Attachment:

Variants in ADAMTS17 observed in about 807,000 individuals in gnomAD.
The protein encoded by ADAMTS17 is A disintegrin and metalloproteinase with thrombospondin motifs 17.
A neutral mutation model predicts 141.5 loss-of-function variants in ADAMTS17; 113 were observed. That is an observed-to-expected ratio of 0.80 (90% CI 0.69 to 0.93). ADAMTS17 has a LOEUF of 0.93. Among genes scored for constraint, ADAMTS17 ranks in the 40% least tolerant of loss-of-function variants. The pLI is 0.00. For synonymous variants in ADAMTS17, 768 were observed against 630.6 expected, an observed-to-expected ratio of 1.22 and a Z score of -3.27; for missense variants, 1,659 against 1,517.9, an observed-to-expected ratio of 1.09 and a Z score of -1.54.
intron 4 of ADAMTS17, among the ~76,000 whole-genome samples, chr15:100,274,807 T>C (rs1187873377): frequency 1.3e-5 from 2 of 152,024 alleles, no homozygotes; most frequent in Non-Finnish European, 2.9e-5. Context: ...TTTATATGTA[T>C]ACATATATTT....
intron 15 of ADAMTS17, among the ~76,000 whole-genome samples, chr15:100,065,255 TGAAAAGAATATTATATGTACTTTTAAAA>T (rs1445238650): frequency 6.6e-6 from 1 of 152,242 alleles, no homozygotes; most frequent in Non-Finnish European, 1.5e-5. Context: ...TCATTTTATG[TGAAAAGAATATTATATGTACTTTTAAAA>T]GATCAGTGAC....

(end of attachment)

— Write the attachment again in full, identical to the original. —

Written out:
Variants in ADAMTS17 observed in about 807,000 individuals in gnomAD.
The protein encoded by ADAMTS17 is A disintegrin and metalloproteinase with thrombospondin motifs 17.
A neutral mutation model predicts 141.5 loss-of-function variants in ADAMTS17; 113 were observed. That is an observed-to-expected ratio of 0.80 (90% CI 0.69 to 0.93). ADAMTS17 has a LOEUF of 0.93. Among genes scored for constraint, ADAMTS17 ranks in the 40% least tolerant of loss-of-function variants. The pLI is 0.00. For synonymous variants in ADAMTS17, 768 were observed against 630.6 expected, an observed-to-expected ratio of 1.22 and a Z score of -3.27; for missense variants, 1,659 against 1,517.9, an observed-to-expected ratio of 1.09 and a Z score of -1.54.
intron 4 of ADAMTS17, among the ~76,000 whole-genome samples, chr15:100,274,807 T>C (rs1187873377): frequency 1.3e-5 from 2 of 152,024 alleles, no homozygotes; most frequent in Non-Finnish European, 2.9e-5. Context: ...TTTATATGTA[T>C]ACATATATTT....
intron 15 of ADAMTS17, among the ~76,000 whole-genome samples, chr15:100,065,255 TGAAAAGAATATTATATGTACTTTTAAAA>T (rs1445238650): frequency 6.6e-6 from 1 of 152,242 alleles, no homozygotes; most frequent in Non-Finnish European, 1.5e-5. Context: ...TCATTTTATG[TGAAAAGAATATTATATGTACTTTTAAAA>T]GATCAGTGAC....